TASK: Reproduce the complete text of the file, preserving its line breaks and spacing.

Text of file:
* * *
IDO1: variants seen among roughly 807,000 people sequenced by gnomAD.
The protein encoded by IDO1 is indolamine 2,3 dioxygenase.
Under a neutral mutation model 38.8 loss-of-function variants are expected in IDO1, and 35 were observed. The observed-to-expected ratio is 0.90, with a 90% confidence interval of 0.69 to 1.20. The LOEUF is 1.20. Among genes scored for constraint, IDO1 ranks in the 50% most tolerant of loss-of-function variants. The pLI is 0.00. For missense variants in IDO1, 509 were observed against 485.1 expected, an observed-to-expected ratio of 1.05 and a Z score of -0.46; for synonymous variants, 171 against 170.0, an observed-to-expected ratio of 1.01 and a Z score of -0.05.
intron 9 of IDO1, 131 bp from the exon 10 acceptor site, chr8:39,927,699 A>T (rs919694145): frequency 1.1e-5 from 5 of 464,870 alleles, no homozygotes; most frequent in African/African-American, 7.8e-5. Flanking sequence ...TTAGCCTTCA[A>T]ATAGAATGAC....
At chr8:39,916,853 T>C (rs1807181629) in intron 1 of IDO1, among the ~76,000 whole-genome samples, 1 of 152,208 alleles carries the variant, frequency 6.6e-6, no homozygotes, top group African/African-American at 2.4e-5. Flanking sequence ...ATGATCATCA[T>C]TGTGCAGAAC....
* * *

IDO1: variants seen among roughly 807,000 people sequenced by gnomAD.
The protein encoded by IDO1 is indolamine 2,3 dioxygenase.
Under a neutral mutation model 38.8 loss-of-function variants are expected in IDO1, and 35 were observed. The observed-to-expected ratio is 0.90, with a 90% confidence interval of 0.69 to 1.20. The LOEUF is 1.20. Among genes scored for constraint, IDO1 ranks in the 50% most tolerant of loss-of-function variants. The pLI is 0.00. For missense variants in IDO1, 509 were observed against 485.1 expected, an observed-to-expected ratio of 1.05 and a Z score of -0.46; for synonymous variants, 171 against 170.0, an observed-to-expected ratio of 1.01 and a Z score of -0.05.
intron 9 of IDO1, 131 bp from the exon 10 acceptor site, chr8:39,927,699 A>T (rs919694145): frequency 1.1e-5 from 5 of 464,870 alleles, no homozygotes; most frequent in African/African-American, 7.8e-5. Flanking sequence ...TTAGCCTTCA[A>T]ATAGAATGAC....
At chr8:39,916,853 T>C (rs1807181629) in intron 1 of IDO1, among the ~76,000 whole-genome samples, 1 of 152,208 alleles carries the variant, frequency 6.6e-6, no homozygotes, top group African/African-American at 2.4e-5. Flanking sequence ...ATGATCATCA[T>C]TGTGCAGAAC....